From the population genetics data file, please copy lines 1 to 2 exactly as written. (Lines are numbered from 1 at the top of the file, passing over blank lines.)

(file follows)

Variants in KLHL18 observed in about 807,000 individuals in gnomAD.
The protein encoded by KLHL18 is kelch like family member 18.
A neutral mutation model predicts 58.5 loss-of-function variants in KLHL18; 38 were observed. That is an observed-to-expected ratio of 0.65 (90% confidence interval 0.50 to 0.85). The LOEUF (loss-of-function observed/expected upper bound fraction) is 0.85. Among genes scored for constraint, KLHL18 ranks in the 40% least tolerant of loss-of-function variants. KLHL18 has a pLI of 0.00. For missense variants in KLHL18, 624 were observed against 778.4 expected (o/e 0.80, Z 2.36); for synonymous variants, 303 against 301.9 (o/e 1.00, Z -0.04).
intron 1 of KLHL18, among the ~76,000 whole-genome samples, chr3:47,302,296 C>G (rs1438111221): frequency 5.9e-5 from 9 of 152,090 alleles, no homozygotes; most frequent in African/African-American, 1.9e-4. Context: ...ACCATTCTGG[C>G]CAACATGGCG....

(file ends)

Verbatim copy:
Variants in KLHL18 observed in about 807,000 individuals in gnomAD.
The protein encoded by KLHL18 is kelch like family member 18.